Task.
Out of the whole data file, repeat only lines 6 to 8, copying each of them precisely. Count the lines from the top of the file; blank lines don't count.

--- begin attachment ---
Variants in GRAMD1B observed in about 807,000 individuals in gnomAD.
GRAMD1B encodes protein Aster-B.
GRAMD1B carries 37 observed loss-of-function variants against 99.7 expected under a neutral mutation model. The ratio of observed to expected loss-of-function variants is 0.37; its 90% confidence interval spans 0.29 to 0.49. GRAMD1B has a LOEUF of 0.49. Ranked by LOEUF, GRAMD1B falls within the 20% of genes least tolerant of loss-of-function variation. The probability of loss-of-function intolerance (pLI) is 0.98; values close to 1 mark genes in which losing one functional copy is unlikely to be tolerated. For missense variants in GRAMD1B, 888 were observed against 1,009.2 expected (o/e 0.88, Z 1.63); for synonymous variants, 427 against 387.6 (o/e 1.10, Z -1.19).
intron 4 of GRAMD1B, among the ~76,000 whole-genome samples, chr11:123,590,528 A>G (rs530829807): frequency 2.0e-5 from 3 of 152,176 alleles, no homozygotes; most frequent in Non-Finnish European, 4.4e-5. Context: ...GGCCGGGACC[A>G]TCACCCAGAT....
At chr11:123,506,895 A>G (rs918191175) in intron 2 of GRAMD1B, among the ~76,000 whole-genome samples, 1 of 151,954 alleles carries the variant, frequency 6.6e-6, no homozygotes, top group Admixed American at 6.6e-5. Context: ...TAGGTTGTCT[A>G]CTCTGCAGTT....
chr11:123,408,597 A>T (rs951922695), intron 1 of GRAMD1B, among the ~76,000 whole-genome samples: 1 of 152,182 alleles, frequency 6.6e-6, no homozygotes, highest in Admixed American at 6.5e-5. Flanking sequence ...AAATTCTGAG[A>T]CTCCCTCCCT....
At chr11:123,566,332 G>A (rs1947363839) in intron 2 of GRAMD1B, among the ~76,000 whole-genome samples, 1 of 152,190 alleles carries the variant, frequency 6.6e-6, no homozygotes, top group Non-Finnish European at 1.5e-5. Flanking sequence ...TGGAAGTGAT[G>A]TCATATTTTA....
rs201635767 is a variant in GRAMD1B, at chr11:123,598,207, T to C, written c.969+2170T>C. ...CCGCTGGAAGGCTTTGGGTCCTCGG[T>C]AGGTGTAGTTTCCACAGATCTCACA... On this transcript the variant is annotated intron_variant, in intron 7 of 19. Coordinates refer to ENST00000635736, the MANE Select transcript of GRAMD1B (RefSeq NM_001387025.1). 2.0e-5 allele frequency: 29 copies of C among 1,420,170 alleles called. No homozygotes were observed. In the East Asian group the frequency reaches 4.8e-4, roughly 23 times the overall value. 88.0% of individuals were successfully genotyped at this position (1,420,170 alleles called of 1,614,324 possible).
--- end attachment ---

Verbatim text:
chr11:123,408,597 A>T (rs951922695), intron 1 of GRAMD1B, among the ~76,000 whole-genome samples: 1 of 152,182 alleles, frequency 6.6e-6, no homozygotes, highest in Admixed American at 6.5e-5. Flanking sequence ...AAATTCTGAG[A>T]CTCCCTCCCT....
At chr11:123,566,332 G>A (rs1947363839) in intron 2 of GRAMD1B, among the ~76,000 whole-genome samples, 1 of 152,190 alleles carries the variant, frequency 6.6e-6, no homozygotes, top group Non-Finnish European at 1.5e-5. Flanking sequence ...TGGAAGTGAT[G>A]TCATATTTTA....
rs201635767 is a variant in GRAMD1B, at chr11:123,598,207, T to C, written c.969+2170T>C. ...CCGCTGGAAGGCTTTGGGTCCTCGG[T>C]AGGTGTAGTTTCCACAGATCTCACA... On this transcript the variant is annotated intron_variant, in intron 7 of 19. Coordinates refer to ENST00000635736, the MANE Select transcript of GRAMD1B (RefSeq NM_001387025.1). 2.0e-5 allele frequency: 29 copies of C among 1,420,170 alleles called. No homozygotes were observed. In the East Asian group the frequency reaches 4.8e-4, roughly 23 times the overall value. 88.0% of individuals were successfully genotyped at this position (1,420,170 alleles called of 1,614,324 possible).